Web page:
Liquefied natural gas is going to play an even bigger role in Delta as well as the rest of the province, according to industry representatives and stakeholders.
The Delta Chamber of Commerce held a panel discussion Tuesday at the Beach Grove Golf Club to hear what’s in store for the industry from guest speakers Bryan Cox, CEO of the BC LNG Alliance, Doug Stout, FortisBC vice-president of market development and external relations, Delta city councillor Dan Copeland and Karen Ogen-Toews, CEO of the First Nations LNG Alliance.
The message they delivered was that there’s huge economic opportunity, both locally and for B.C., with LNG, a safe and more environmentally-friendly fuel source, especially when it comes to overseas markets, including China.
“LNG is real, it’s happening. We are building it here in British Columbia. We’ve been talking about it for a long, long time in this province, as we all know, and now we’re building it… we’re building this industry in partnership in a very different way. There’s a very huge demand for natural gas right now and British Columbia is perfectly positioned to take advantage of that,” Cox said.
He added the industry needs to find new markets for B.C.’s clean natural resource, noting a few years ago only about 10 countries around the world were importing LNG, but now there are 40 and counting.
Stout agreed, saying there’s further opportunities for expansion, while at least a half-dozen major shipping companies are looking to switch vessels calling on the port to LNG. BC Ferries has already begun converting vessels from marine diesel fuel to LNG.
Ogen-Toews said the industry is giving First Nations communities a chance to become part of the mainstream economy, but it’s critical First Nations, including the Tsawwassen First Nation, are consulted when it comes to expansion.
Noting there’s been no serious incidents at the FortisBC plant in Delta’s Tilbury industrial area since it opened in the early 1970s, Copeland, Delta’s former fire chief, spoke about the safety record and specialized training first responders have received in case something ever happens. He noted Delta has a close working relationship with the electricity and natural gas distribution utility.
Tom Corsie, vice-president of real estate for the Port of Vancouver, also spoke at Tuesday’s event, saying LNG is one of the “puzzle pieces” that will help make the port the most sustainable in the world. He pointed out there will likely be high demand in the next couple of years for ships to be able to be fueled with cleaner-burning LNG, something the port will be able to deliver.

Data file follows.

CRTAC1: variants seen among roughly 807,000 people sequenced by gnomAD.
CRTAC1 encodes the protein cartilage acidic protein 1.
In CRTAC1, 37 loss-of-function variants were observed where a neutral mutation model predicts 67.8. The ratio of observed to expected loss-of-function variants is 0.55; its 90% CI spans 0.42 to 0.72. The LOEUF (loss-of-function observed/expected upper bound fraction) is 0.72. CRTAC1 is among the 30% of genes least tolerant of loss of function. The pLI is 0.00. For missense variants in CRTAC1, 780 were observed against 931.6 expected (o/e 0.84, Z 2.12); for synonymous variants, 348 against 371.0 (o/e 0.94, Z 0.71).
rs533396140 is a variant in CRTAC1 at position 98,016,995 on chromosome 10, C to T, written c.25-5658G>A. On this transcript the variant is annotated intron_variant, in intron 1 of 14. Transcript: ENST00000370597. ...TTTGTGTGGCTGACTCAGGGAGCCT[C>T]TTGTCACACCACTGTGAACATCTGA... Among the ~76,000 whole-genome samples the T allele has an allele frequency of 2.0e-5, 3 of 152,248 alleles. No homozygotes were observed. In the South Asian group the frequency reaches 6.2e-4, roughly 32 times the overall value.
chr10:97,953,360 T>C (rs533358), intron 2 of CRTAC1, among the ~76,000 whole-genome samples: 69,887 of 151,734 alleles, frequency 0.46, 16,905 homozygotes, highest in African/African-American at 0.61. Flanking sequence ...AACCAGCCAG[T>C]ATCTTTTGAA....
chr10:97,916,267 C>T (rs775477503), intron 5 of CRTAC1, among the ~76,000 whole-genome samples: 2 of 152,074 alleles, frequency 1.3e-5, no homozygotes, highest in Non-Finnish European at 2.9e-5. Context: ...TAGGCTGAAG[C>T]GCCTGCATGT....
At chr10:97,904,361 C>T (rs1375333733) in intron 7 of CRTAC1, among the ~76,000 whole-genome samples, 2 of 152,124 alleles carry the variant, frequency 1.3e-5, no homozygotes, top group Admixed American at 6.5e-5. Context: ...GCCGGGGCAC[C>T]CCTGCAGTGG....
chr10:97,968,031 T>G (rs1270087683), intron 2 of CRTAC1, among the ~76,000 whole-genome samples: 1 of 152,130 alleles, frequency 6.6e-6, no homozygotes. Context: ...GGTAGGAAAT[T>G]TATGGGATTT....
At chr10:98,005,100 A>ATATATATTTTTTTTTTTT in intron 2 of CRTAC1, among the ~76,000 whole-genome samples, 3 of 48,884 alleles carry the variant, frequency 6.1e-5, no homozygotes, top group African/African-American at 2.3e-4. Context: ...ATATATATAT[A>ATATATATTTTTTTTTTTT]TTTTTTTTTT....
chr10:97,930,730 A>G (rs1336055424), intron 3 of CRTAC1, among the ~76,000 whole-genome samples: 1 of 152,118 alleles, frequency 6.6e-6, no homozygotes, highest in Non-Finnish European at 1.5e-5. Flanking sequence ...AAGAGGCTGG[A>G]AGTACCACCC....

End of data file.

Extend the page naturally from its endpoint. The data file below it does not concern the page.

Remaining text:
Having expanded its Tilbury plant and new facilities elsewhere in recent years, FortisBC this summer announced it has entered into an agreement to export LNG to China. The agreement was made possible by the completion of the Tilbury expansion project.
The two-year agreement will see 53,000 tonnes of LNG a year, or about 60 ISO containers (standard-sized shipping containers) a week, shipped from Tilbury to China by the summer of 2021. The volume of LNG to be exported is equivalent to the volume necessary to heat more than 30,000 average B.C. households for a year.
In 2017, FortisBC became the first company in Canada to supply LNG for export to China. Since then, FortisBC says it had been supplying LNG to customers for export to China on a spot basis. With the expansion project adding LNG production capacity of 250,000 tonnes per year and additional storage capacity of 46,000 cubic metres, FortisBC says the Tilbury plant, which will undergo further expansion, is leading Canada’s export industry into uncharted territory.
Meanwhile, WesPac Midstream has applied for an environmental assessment certificate for its proposal to build a marine jetty facility north of the FortisBC Tilbury plant. The marine jetty on the Fraser River would be used for loading LNG from the plant to supply local and offshore markets, three million metric tonnes per year over 25 years. That project is still undergoing a review under the B.C. Environmental Assessment Act and the Canadian Environmental Assessment Act.